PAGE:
Military Veterans Transition to Serving at Home with LVN to RN Apprenticeship
Military veterans have unique skills that make them invaluable to our workforce. But all too often matching veterans with the right job opportunities can be challenging. Army veteran turned union apprentice Roderick Omari is one of the success stories. Omari currently works as a Registered Nurse at the California Department of Corrections and Rehabilitation at Mule Creek State Prison.
But when Omari first entered the workforce, his life looked a lot different. He was working overtime as a Manager at Home Depot to make ends meet. Omari then tried his hand at banking and wholesale lending, but he didn’t “find much enjoyment” in the corporate world.
When the recession hit in 2007, Omari decided to take his career in a new direction. He joined the army and was stationed at a hospital in San Antonio.
Omari noticed that most of the patients weren’t taken care of by the doctors. Instead it was the nurses that patients came to rely on and trust for their care. From there, Omari decided that he wanted to go to school to become a Licensed Vocational Nurse (LVN). He wanted a better life for his two children and saw nursing as a pathway forward.
While he worked at the hospital, Omari joined SEIU Local 1000, because he believed it would give his family the opportunity to have a better life. After becoming a member, Omari participated in Local 1000’s groundbreaking LVN-to-RN Apprentice Program.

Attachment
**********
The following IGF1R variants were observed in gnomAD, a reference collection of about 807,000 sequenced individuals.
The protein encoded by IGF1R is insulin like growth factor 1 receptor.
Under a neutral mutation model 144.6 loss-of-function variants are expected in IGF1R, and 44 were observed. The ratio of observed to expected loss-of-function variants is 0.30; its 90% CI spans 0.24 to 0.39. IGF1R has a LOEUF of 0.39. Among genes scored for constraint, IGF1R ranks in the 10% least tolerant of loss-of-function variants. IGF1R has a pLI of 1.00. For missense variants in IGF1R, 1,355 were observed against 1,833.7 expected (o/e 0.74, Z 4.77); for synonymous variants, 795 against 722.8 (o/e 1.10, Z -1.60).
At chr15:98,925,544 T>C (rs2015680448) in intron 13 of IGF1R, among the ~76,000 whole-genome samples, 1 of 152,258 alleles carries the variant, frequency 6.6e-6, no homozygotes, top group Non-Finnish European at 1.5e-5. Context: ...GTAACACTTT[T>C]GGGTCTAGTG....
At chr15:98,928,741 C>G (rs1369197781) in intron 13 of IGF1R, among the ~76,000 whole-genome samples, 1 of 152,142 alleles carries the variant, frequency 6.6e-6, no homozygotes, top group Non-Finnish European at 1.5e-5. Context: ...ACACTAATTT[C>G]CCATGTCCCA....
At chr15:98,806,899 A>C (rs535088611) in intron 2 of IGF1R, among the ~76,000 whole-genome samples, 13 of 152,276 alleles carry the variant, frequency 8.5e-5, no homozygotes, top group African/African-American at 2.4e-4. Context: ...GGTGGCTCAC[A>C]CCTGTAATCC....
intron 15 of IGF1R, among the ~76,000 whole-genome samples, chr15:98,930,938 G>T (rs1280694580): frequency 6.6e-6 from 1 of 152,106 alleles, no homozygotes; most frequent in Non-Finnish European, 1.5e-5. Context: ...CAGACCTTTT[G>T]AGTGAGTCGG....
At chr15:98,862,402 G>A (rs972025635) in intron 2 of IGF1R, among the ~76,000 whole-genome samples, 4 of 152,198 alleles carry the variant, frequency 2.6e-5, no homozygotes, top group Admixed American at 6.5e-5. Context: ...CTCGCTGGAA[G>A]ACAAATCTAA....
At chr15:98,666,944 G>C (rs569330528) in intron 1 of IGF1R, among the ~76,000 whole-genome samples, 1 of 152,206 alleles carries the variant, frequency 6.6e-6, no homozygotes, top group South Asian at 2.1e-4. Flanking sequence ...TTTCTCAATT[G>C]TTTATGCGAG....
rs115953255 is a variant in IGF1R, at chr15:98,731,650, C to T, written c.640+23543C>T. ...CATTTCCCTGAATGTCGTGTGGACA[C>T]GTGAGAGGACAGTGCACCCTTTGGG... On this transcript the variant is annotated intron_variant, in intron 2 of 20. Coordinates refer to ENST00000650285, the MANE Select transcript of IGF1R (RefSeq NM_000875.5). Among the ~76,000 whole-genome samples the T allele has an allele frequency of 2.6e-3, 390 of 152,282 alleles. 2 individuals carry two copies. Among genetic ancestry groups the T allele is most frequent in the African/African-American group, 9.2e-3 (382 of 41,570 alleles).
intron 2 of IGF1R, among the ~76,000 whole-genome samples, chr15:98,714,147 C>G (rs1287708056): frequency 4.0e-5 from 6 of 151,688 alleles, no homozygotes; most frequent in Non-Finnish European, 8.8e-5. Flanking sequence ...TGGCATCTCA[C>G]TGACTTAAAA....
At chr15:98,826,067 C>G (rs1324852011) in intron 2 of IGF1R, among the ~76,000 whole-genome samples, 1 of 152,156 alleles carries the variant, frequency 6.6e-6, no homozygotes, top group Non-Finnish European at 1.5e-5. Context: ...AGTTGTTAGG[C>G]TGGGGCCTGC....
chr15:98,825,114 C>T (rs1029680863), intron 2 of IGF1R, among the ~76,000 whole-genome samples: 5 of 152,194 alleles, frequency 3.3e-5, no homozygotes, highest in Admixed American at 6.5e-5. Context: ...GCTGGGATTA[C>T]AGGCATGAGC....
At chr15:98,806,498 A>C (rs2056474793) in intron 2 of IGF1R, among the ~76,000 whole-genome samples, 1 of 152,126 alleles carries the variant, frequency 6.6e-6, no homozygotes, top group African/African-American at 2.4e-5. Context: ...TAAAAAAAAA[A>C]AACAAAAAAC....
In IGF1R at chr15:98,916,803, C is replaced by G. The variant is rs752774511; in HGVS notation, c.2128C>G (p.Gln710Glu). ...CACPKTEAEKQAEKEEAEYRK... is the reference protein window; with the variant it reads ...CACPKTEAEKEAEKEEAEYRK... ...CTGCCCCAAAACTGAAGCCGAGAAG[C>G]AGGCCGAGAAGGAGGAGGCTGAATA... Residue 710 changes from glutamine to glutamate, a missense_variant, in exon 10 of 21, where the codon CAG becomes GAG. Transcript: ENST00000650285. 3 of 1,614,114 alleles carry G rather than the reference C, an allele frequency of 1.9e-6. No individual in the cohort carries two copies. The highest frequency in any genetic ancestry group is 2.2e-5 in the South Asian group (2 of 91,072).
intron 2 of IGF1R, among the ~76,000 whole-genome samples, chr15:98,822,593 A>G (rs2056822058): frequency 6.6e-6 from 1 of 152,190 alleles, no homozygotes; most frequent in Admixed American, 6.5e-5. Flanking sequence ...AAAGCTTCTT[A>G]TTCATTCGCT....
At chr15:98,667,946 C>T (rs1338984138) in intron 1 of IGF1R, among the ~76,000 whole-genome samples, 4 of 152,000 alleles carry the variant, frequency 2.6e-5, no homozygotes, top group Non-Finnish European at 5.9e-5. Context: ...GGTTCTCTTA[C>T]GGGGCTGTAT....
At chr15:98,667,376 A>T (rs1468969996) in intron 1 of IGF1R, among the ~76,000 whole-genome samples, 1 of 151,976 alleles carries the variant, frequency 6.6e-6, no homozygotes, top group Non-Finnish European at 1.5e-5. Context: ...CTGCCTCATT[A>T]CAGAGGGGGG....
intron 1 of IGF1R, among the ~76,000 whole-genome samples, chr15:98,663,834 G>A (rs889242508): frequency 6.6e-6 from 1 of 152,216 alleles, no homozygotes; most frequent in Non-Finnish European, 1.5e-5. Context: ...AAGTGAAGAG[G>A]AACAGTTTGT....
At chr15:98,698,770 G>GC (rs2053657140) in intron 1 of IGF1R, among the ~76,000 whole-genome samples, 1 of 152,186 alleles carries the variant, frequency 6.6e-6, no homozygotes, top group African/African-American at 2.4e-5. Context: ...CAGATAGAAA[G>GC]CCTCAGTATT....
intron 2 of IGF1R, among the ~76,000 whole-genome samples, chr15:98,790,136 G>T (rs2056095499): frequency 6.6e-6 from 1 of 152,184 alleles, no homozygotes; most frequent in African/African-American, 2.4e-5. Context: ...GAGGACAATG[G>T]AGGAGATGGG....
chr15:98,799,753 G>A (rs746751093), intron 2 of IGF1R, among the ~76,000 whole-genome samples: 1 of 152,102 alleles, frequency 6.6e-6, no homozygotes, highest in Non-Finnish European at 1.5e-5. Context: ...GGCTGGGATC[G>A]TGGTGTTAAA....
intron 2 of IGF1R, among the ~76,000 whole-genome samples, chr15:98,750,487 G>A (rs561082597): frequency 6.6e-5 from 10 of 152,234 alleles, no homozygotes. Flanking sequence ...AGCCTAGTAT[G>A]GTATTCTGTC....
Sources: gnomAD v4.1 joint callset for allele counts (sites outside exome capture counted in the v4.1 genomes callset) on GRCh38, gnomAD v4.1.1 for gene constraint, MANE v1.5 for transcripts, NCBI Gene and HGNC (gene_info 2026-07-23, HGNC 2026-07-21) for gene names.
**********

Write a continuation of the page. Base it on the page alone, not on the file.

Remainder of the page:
One major perk of the program is that LVN apprentices retain their permanent positions while in the program and receive time off without loss of pay (“20/20 time”) for a combination of classroom theory, clinical experience and on-the job training.
The opportunity for Omari to further his education while continuing to work is just one of many benefits of union membership.
“Programs like the LVN-to-RN Apprentice Program gave me the motivation and sense of confidence to pursue my dreams in a way I never thought was possible,” said Omari, RN 2018 Apprentice Graduate. "Building my career helped me become a better provider for my family. I'm grateful for the opportunity my union membership provided."
Over the next few years, Omari hopes to be promoted to a nursing supervisor, a position he wouldn’t even be considered for if he hadn’t completed the LVN-to-RN Apprentice Program.
“As a father and provider, I’ve always felt a strong responsibility to give back to others,” said Omari. “The poverty level in California is among the highest in the nation and the idea that people can achieve a better life, regardless of where they start out, is central to who we are as people.”
Omari feels confident that he can achieve whatever he dreams of next with the support of Local 1000 behind him. He hopes their collective voices joined together for justice will continue to create positive social change and a better life for workers.
"Over time, I learned to treat your whole life like a career," said Omari. "It was a long road but I can see myself staying where I am now for another ten years at least."